However, capitalism has always been viewed as unfair mainly because it encourages the circulation of wealth around a small group of people in the society. This is a problem since it can also lead to monopoly in the market since the ones who own means of production also have influence on the power. This gives the owners of the means of production an edge in deciding the price of their goods, thus, making the consumer have no choice but accept the exploitation. Therefore, without strong government intervention, the market can still fall prey of exploitation by the entrepreneurs.
Finally, a capitalist economy has proved not only to be the best but also the only workable one in a big economy. The reason behind the collapse of the socialist economies in the world was because they were too big to be planned. Capitalist economy proved superior because it does not have to be planned but rather just given a little check and balance. It has also been viewed as the center of worker exploitation and repression. This is because the market is driven by the motive of making use of every opportunity to make maximum profit. The capitalist market is also attributed to cause social stratification, inequality, unemployment and economic instability among other things. Socialists point out that capitalism is irrational because it is widely unplanned. This is true because in this economy, the authorities only come in when there are inconsistencies.
In this view, we realize that capitalism cannot be self-sustaining. It is, therefore, necessary to incorporate some socialist behaviors in order to fine tune the economy and make it work for the good of the whole society. The government, for example, despite of having no ownership of means of production should plays strong supervisory role in making sure that there is level play in the market. This can be done by bringing into force different laws and regulations that encourage responsibility and equity in the producers and suppliers.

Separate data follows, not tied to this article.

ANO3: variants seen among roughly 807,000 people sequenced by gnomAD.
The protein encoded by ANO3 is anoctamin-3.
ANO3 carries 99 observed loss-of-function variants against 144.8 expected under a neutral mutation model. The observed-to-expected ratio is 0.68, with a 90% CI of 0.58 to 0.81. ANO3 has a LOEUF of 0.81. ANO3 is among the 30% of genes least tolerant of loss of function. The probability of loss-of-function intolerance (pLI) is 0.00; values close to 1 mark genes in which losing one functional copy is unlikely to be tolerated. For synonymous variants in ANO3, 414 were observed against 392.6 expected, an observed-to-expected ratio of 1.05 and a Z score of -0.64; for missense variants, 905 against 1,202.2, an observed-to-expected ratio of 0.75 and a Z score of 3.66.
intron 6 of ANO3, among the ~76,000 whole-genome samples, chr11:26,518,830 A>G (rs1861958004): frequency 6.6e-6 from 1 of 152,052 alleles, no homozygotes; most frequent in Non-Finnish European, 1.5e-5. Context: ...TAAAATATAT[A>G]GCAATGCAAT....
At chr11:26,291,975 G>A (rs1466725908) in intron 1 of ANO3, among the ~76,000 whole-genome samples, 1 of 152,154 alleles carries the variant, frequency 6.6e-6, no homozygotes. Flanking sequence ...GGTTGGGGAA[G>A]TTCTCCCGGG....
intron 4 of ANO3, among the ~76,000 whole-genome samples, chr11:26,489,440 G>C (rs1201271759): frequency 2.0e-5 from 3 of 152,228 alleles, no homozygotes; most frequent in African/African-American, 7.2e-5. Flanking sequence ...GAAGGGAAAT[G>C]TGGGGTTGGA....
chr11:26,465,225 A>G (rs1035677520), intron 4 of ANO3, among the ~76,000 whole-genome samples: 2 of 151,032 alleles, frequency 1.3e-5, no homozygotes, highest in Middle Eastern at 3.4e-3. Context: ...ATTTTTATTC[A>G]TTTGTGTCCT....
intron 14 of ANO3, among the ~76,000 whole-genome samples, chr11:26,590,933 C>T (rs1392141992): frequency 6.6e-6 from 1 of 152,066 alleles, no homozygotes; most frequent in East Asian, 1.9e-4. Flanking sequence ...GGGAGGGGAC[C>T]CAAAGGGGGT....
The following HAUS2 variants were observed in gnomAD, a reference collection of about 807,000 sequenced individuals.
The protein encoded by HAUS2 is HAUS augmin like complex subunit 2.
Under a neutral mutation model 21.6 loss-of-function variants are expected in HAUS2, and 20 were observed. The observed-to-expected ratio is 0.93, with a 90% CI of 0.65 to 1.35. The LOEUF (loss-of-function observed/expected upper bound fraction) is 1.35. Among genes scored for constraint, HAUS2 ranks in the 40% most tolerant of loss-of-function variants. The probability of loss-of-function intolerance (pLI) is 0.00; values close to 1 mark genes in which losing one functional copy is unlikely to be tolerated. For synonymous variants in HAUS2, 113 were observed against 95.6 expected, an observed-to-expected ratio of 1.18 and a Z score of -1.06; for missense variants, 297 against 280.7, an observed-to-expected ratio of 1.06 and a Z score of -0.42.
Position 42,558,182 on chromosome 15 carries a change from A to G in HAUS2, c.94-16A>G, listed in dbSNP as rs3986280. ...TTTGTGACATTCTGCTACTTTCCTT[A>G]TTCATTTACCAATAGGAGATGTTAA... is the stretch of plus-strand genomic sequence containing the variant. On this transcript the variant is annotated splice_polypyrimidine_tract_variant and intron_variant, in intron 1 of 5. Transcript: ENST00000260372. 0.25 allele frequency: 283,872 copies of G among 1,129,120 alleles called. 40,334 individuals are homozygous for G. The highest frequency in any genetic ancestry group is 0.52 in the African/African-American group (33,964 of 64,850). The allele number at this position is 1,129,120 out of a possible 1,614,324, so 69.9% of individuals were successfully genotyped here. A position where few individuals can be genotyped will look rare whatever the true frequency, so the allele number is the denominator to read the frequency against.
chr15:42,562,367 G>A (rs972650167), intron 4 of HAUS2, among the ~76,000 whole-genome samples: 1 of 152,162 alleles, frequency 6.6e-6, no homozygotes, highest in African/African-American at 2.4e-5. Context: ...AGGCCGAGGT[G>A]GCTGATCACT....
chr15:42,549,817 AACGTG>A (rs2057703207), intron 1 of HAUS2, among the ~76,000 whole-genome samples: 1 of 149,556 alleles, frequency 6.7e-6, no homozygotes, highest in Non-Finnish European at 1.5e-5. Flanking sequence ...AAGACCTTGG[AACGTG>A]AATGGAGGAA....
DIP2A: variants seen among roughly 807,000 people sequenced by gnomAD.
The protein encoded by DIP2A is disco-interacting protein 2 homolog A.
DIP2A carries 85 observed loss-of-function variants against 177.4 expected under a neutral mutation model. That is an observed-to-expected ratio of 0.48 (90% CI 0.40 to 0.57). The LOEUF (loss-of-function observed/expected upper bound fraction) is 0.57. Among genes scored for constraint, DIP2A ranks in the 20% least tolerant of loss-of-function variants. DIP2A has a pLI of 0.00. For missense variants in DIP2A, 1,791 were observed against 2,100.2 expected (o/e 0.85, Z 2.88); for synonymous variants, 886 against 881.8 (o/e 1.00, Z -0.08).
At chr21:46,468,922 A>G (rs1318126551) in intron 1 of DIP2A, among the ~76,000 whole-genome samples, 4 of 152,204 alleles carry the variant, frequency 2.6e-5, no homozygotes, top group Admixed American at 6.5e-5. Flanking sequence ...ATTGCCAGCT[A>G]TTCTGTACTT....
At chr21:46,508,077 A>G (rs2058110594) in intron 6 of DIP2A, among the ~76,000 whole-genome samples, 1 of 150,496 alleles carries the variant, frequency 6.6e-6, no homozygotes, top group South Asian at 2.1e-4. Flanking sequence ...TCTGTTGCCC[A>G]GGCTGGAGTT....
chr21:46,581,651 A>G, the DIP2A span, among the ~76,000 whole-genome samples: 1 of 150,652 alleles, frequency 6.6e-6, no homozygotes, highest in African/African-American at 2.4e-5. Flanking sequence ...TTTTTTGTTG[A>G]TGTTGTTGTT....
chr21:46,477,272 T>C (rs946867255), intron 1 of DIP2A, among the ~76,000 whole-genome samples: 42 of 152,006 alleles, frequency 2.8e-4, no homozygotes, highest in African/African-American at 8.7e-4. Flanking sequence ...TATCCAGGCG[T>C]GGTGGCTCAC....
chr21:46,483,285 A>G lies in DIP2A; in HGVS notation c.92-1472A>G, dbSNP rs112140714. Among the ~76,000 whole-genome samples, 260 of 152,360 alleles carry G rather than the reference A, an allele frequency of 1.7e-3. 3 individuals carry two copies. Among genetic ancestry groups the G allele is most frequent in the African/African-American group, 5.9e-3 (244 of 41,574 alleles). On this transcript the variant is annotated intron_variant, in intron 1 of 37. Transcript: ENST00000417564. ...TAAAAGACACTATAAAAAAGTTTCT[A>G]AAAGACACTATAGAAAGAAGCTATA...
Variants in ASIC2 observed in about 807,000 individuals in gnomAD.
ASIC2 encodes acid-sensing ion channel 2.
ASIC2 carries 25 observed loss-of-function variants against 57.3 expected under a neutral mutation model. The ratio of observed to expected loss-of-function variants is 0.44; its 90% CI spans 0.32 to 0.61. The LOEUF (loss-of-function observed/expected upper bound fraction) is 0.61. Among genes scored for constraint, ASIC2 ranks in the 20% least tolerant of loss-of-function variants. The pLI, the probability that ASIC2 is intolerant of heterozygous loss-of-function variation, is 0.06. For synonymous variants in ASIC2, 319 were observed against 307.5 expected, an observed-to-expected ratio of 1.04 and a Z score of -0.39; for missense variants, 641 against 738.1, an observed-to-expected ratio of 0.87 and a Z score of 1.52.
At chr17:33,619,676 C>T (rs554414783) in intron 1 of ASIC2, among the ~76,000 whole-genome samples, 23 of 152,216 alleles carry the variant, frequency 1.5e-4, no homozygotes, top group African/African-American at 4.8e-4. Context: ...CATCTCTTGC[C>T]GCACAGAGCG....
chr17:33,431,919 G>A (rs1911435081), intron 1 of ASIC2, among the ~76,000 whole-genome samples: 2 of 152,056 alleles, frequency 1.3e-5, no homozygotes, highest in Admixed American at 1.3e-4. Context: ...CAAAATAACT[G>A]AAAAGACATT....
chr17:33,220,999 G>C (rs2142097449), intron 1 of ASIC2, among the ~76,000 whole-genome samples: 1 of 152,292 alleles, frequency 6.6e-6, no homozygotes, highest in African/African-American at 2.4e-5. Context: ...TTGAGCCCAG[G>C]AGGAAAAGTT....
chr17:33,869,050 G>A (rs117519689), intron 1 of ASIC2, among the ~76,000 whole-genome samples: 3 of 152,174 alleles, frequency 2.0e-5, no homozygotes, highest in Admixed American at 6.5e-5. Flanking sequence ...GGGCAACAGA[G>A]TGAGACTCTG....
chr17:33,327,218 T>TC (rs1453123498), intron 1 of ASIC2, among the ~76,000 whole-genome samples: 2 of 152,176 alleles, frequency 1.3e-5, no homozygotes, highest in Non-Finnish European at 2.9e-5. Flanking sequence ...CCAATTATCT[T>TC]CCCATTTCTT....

Other areas that need the governments direct involvement include the health sector. The major reason behind this is to protect the public from exploitation by private players in the health industry. The health sector should, therefore, be socialized so as to guarantee a system where people work for the general good of the society and not necessarily to make huge profits. The government should give a socialist approach to such vital things in the society as healthcare and food production.
Competitors in the capitalist system should also learn the art of cooperation that is practiced in the socialist system. This is because cooperation helps in finding solutions to some problems in the market collectively. It also guarantees less spending on research as far as new market fronts are concerned. At the same time, capitalism has been viewed as unsustainable in the long term. This is because it encourages speedy consumption of natural resources to an un-replenishable level. The governments should also be a watchtower to prevent overexploitation of such resources.
In conclusion, it is quite clear that a capitalist economy is morally best as compared to a socialist economy that has many rules of engagement, thus, causing a lack of exercise of democracy and the need to be innovative. Moreover, this economy would not have stood the test of time had it not been morally best for the society. However, this economic system needs some level of integration with the socialist approach so as to produce a more competent and consumer friendly environment.